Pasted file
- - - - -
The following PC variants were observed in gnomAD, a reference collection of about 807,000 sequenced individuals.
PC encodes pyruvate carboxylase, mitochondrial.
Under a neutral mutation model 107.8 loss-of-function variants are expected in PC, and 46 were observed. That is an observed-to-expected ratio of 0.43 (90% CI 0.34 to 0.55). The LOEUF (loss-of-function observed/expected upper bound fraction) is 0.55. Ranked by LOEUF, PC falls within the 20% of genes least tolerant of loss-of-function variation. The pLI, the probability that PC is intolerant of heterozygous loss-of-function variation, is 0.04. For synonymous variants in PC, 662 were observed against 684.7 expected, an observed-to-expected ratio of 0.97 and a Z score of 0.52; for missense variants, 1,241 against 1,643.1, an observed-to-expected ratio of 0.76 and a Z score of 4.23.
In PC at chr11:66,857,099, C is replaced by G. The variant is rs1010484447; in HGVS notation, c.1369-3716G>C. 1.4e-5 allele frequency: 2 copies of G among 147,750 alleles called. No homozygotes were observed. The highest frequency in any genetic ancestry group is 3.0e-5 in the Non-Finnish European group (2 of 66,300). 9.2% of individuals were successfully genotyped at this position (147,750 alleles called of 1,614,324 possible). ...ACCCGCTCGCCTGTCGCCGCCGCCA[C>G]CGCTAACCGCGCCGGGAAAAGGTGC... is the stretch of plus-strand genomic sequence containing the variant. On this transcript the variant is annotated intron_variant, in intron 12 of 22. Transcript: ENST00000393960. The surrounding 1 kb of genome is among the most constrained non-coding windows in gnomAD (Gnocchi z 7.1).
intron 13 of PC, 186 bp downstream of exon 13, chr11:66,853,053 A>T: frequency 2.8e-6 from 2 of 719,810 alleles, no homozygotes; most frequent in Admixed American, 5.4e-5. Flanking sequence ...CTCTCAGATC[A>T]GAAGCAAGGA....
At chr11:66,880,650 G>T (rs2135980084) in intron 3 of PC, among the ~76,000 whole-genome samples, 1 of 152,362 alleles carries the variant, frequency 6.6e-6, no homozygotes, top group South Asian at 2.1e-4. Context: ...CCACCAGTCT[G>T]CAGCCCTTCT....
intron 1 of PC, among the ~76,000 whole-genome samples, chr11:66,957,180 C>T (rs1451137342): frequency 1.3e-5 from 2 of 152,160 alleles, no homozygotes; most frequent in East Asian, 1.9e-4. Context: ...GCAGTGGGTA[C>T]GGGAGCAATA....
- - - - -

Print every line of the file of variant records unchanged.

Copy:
The following PC variants were observed in gnomAD, a reference collection of about 807,000 sequenced individuals.
PC encodes pyruvate carboxylase, mitochondrial.
Under a neutral mutation model 107.8 loss-of-function variants are expected in PC, and 46 were observed. That is an observed-to-expected ratio of 0.43 (90% CI 0.34 to 0.55). The LOEUF (loss-of-function observed/expected upper bound fraction) is 0.55. Ranked by LOEUF, PC falls within the 20% of genes least tolerant of loss-of-function variation. The pLI, the probability that PC is intolerant of heterozygous loss-of-function variation, is 0.04. For synonymous variants in PC, 662 were observed against 684.7 expected, an observed-to-expected ratio of 0.97 and a Z score of 0.52; for missense variants, 1,241 against 1,643.1, an observed-to-expected ratio of 0.76 and a Z score of 4.23.
In PC at chr11:66,857,099, C is replaced by G. The variant is rs1010484447; in HGVS notation, c.1369-3716G>C. 1.4e-5 allele frequency: 2 copies of G among 147,750 alleles called. No homozygotes were observed. The highest frequency in any genetic ancestry group is 3.0e-5 in the Non-Finnish European group (2 of 66,300). 9.2% of individuals were successfully genotyped at this position (147,750 alleles called of 1,614,324 possible). ...ACCCGCTCGCCTGTCGCCGCCGCCA[C>G]CGCTAACCGCGCCGGGAAAAGGTGC... is the stretch of plus-strand genomic sequence containing the variant. On this transcript the variant is annotated intron_variant, in intron 12 of 22. Transcript: ENST00000393960. The surrounding 1 kb of genome is among the most constrained non-coding windows in gnomAD (Gnocchi z 7.1).
intron 13 of PC, 186 bp downstream of exon 13, chr11:66,853,053 A>T: frequency 2.8e-6 from 2 of 719,810 alleles, no homozygotes; most frequent in Admixed American, 5.4e-5. Flanking sequence ...CTCTCAGATC[A>T]GAAGCAAGGA....
At chr11:66,880,650 G>T (rs2135980084) in intron 3 of PC, among the ~76,000 whole-genome samples, 1 of 152,362 alleles carries the variant, frequency 6.6e-6, no homozygotes, top group South Asian at 2.1e-4. Context: ...CCACCAGTCT[G>T]CAGCCCTTCT....
intron 1 of PC, among the ~76,000 whole-genome samples, chr11:66,957,180 C>T (rs1451137342): frequency 1.3e-5 from 2 of 152,160 alleles, no homozygotes; most frequent in East Asian, 1.9e-4. Context: ...GCAGTGGGTA[C>T]GGGAGCAATA....